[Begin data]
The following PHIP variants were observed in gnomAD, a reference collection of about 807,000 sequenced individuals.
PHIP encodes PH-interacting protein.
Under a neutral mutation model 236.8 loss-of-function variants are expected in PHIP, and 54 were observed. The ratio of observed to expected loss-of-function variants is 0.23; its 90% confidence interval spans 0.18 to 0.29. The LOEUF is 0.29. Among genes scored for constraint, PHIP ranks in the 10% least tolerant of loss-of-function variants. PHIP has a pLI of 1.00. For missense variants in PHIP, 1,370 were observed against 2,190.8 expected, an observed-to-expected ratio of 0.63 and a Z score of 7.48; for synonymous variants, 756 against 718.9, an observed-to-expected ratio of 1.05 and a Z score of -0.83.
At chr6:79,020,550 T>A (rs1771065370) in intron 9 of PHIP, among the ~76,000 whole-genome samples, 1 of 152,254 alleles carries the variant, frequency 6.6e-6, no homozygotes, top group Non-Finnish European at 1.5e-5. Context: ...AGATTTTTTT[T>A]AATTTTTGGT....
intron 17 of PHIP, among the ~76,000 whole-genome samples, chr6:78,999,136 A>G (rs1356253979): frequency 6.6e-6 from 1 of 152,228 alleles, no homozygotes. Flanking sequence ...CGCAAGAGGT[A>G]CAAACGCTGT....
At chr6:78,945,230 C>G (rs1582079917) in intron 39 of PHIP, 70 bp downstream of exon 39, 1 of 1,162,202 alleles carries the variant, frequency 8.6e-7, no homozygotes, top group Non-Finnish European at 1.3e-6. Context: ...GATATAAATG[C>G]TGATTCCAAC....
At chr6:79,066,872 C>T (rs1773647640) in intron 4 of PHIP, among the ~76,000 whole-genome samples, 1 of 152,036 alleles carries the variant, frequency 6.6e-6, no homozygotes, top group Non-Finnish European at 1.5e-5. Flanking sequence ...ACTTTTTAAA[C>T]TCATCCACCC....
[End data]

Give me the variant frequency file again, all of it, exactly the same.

The following PHIP variants were observed in gnomAD, a reference collection of about 807,000 sequenced individuals.
PHIP encodes PH-interacting protein.
Under a neutral mutation model 236.8 loss-of-function variants are expected in PHIP, and 54 were observed. The ratio of observed to expected loss-of-function variants is 0.23; its 90% confidence interval spans 0.18 to 0.29. The LOEUF is 0.29. Among genes scored for constraint, PHIP ranks in the 10% least tolerant of loss-of-function variants. PHIP has a pLI of 1.00. For missense variants in PHIP, 1,370 were observed against 2,190.8 expected, an observed-to-expected ratio of 0.63 and a Z score of 7.48; for synonymous variants, 756 against 718.9, an observed-to-expected ratio of 1.05 and a Z score of -0.83.
At chr6:79,020,550 T>A (rs1771065370) in intron 9 of PHIP, among the ~76,000 whole-genome samples, 1 of 152,254 alleles carries the variant, frequency 6.6e-6, no homozygotes, top group Non-Finnish European at 1.5e-5. Context: ...AGATTTTTTT[T>A]AATTTTTGGT....
intron 17 of PHIP, among the ~76,000 whole-genome samples, chr6:78,999,136 A>G (rs1356253979): frequency 6.6e-6 from 1 of 152,228 alleles, no homozygotes. Flanking sequence ...CGCAAGAGGT[A>G]CAAACGCTGT....
At chr6:78,945,230 C>G (rs1582079917) in intron 39 of PHIP, 70 bp downstream of exon 39, 1 of 1,162,202 alleles carries the variant, frequency 8.6e-7, no homozygotes, top group Non-Finnish European at 1.3e-6. Context: ...GATATAAATG[C>G]TGATTCCAAC....
At chr6:79,066,872 C>T (rs1773647640) in intron 4 of PHIP, among the ~76,000 whole-genome samples, 1 of 152,036 alleles carries the variant, frequency 6.6e-6, no homozygotes, top group Non-Finnish European at 1.5e-5. Flanking sequence ...ACTTTTTAAA[C>T]TCATCCACCC....